Kingdom Under Glass

Kingdom Under Glass

A Tale of Obsession, Adventure, and One Man's Quest to Preserve the World's Great Animals

Book - 2010
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A sweeping historical narrative of the life of Carl Akeley, the famed explorer and taxidermist who changed the way Americans viewed the conservation of the natural world

During the golden age of safaris in the early twentieth century, one man set out to preserve Africa's great beasts. In this epic account of an extraordinary life lived during remarkable times, Jay Kirk follows the adventures of the brooding genius who revolutionized taxidermy and created the famed African Hall we visit today at New York's Museum of Natural History. The Gilded Age was drawing to a close, and with it came the realization that men may have hunted certain species into oblivion. Renowned taxidermist Carl Akeley joined the hunters rushing to Africa, where he risked death time and again as he stalked animals for his dioramas and hobnobbed with outsized personalities of the era such as Theodore Roosevelt and P. T. Barnum. In a tale of art, science, courage, and romance, Jay Kirk resurrects a legend and illuminates a fateful turning point when Americans had to decide whether to save nature, to destroy it, or to just stare at it under glass.

Publisher: New York : H. Holt, 2010.
Edition: 1st ed.
ISBN: 9780805092820
Branch Call Number: 590.92 Kirk 12/2010
Characteristics: 387 p. :,ill. ;,25 cm.


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Nov 18, 2018

I am so fascinated by the story of Carl Akerley, who went from hunting animals to trying to save them. But this writer uses a novelization style I just don't care for in biographies or non-fiction history books. So, when you read it, it comes across as a work of fiction because the writer speaks as if he knows what Carl Akerley is thinking at various points. While the writer cites references for much of the work, he does admit to taking license on some feelings he attributes to Carl Akerley, based on his research.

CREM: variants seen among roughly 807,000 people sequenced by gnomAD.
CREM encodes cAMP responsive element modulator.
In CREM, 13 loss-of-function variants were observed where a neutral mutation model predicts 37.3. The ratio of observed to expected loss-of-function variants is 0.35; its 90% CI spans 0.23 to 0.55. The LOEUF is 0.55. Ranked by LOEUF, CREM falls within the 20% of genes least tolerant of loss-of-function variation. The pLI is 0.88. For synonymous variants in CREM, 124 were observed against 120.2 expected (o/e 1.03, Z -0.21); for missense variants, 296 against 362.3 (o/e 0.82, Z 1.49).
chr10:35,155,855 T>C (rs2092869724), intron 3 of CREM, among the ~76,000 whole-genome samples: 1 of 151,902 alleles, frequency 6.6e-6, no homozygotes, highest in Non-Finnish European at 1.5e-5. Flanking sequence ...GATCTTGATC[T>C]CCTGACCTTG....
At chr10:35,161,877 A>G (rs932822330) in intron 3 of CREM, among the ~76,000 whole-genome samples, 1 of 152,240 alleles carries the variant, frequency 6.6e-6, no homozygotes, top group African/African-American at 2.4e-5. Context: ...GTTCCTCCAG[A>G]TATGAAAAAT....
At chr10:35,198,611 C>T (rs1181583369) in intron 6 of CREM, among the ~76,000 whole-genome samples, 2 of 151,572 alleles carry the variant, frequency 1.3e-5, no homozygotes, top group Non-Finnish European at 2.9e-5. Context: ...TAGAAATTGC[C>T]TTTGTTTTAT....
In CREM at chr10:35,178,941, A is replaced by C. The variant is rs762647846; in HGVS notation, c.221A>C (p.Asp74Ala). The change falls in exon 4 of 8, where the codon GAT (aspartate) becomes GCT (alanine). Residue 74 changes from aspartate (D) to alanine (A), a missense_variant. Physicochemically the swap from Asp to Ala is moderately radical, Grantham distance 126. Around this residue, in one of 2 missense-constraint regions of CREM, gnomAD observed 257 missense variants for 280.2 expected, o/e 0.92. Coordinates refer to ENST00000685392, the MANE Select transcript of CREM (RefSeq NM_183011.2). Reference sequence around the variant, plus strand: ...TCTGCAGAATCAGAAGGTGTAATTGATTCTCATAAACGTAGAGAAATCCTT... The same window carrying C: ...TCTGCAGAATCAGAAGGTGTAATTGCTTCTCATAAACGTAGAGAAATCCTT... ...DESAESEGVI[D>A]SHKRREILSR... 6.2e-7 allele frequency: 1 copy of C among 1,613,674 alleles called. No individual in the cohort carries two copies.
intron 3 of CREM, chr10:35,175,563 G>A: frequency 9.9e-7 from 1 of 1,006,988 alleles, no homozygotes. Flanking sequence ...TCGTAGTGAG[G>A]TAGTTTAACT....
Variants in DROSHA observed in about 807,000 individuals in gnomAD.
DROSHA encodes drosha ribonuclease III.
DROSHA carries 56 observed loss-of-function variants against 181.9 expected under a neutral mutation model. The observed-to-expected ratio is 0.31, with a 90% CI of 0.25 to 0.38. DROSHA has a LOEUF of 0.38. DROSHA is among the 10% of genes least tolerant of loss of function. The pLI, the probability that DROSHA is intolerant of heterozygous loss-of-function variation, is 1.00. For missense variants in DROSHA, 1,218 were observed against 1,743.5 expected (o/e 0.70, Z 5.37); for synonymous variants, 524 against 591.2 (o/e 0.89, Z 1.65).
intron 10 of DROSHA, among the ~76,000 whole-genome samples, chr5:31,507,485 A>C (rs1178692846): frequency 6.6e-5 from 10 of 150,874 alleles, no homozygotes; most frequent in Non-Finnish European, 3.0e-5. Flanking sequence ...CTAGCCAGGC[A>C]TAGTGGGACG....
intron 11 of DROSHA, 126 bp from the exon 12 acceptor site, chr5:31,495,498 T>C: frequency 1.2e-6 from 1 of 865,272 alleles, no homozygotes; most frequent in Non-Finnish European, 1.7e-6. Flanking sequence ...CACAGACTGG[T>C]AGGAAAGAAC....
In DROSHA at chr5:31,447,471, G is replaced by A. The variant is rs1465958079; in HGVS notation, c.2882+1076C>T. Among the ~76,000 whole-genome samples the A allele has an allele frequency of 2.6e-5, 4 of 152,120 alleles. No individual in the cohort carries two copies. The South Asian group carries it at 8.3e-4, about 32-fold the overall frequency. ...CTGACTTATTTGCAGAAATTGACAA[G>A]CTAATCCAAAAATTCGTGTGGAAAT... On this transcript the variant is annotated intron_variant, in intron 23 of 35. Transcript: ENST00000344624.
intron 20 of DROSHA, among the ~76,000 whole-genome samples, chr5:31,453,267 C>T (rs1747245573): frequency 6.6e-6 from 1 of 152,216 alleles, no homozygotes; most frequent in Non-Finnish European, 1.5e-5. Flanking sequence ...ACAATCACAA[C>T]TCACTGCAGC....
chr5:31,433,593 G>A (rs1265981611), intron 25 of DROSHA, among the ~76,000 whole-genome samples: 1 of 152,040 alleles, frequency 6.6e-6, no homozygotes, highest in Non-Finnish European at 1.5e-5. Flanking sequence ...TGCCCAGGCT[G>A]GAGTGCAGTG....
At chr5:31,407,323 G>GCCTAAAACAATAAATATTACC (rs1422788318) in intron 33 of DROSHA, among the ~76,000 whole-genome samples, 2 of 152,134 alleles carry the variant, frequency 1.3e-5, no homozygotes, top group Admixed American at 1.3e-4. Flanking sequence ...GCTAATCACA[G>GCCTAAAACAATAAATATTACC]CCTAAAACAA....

Again, it's likely all accurate, I just don't care for this style of writing that relies on a flashy writing style to make the story exciting. I don't think Carl Akerley's story needed that boost. It was plenty exciting in its own right.

I should add I did not finish this book. I could not get past the first chapter due to the writing style. Then I skimmed over parts and looked at the bibliography to find other sources.

Sep 07, 2011

An amazing read. Well researched and annotated, this book brings to our attention the life and career of Carl Akeley.

The author uses many resources to deduce what most likely transpired on Akeley's journeys and gives the reader a fresh look into the story. You can almost feel as if you're traveling along in search of elephants, mountain gorillas and experiencing it all yourself.

Looked at today as the father of modern taxidermy and display design, Akeley was a complex man, not without significant warts, that make him all the more intriguing. His pioneering work on Jumbo the elephant, of P.T. Barnum fame, along with development of the painstakingly accurate natural displays to house the specimens he collected. allow us to look at a time when killing of wild animals to put them on display in museums in glass walled dioramas to allow the common man to experience their majesty was acceptable scientific practice.

But that's not all. Later in his life he was instrumental in the establishment of a nature preserve in the Congo to preserve the mountain gorillas and became an advocate to preserve nature in the wild and not in museums.

He also invented a movie camera that that was better than those of George Eastman (of Eastman-Kodak fame) allowing the capture on film of the natural worlds wonders.

A man of many talents Carl Akeley's life and adventures offer insights into nature preservation and turn of the century America.


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